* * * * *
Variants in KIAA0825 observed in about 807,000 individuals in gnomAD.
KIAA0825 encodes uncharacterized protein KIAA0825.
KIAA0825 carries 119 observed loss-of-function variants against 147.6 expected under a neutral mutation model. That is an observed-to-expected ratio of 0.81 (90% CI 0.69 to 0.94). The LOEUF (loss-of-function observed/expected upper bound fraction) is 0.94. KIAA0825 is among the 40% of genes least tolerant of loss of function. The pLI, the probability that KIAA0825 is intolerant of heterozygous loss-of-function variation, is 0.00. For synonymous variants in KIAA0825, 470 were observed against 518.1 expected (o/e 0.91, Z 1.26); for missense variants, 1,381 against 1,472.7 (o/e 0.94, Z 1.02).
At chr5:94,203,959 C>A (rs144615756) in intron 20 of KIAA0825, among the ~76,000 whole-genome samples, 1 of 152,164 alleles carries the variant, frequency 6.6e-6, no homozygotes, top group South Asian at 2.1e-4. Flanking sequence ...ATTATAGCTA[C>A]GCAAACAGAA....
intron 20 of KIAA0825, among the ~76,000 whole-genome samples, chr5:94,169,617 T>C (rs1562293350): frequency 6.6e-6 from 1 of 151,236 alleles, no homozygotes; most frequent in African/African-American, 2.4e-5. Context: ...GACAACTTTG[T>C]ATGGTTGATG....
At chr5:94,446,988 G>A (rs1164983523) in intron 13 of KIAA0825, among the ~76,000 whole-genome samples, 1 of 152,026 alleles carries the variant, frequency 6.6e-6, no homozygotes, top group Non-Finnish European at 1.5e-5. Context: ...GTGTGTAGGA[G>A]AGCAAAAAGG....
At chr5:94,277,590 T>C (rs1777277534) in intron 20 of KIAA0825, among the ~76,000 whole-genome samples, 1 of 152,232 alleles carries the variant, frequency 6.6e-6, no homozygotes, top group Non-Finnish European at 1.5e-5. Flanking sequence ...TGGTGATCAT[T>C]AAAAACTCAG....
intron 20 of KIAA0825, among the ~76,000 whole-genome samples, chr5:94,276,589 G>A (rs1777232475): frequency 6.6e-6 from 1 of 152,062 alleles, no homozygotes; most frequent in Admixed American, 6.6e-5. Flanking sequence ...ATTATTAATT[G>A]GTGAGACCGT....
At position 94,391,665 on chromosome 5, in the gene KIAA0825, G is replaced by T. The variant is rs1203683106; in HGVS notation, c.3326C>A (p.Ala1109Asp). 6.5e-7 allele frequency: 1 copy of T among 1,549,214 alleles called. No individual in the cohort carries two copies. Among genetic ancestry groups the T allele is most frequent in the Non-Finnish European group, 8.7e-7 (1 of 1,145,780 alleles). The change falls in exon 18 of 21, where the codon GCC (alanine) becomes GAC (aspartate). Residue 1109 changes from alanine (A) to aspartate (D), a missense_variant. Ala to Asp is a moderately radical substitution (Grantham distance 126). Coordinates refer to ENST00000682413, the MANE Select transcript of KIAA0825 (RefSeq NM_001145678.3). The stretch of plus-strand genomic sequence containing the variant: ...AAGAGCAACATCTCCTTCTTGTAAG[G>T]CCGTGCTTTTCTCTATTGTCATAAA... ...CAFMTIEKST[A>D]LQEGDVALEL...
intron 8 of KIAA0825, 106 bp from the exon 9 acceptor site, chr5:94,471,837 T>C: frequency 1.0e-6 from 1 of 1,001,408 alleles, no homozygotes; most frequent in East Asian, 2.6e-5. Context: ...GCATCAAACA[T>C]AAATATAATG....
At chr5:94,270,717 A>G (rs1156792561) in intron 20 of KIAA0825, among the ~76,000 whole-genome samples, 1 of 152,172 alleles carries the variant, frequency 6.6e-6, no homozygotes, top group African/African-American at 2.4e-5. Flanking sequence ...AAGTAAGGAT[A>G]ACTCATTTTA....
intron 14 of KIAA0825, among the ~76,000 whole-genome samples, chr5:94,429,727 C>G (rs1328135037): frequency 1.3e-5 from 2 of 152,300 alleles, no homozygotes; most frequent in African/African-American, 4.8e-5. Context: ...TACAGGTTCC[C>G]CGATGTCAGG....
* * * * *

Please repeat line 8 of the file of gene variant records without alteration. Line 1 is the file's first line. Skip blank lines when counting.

intron 20 of KIAA0825, among the ~76,000 whole-genome samples, chr5:94,276,589 G>A (rs1777232475): frequency 6.6e-6 from 1 of 152,062 alleles, no homozygotes; most frequent in Admixed American, 6.6e-5. Flanking sequence ...ATTATTAATT[G>A]GTGAGACCGT....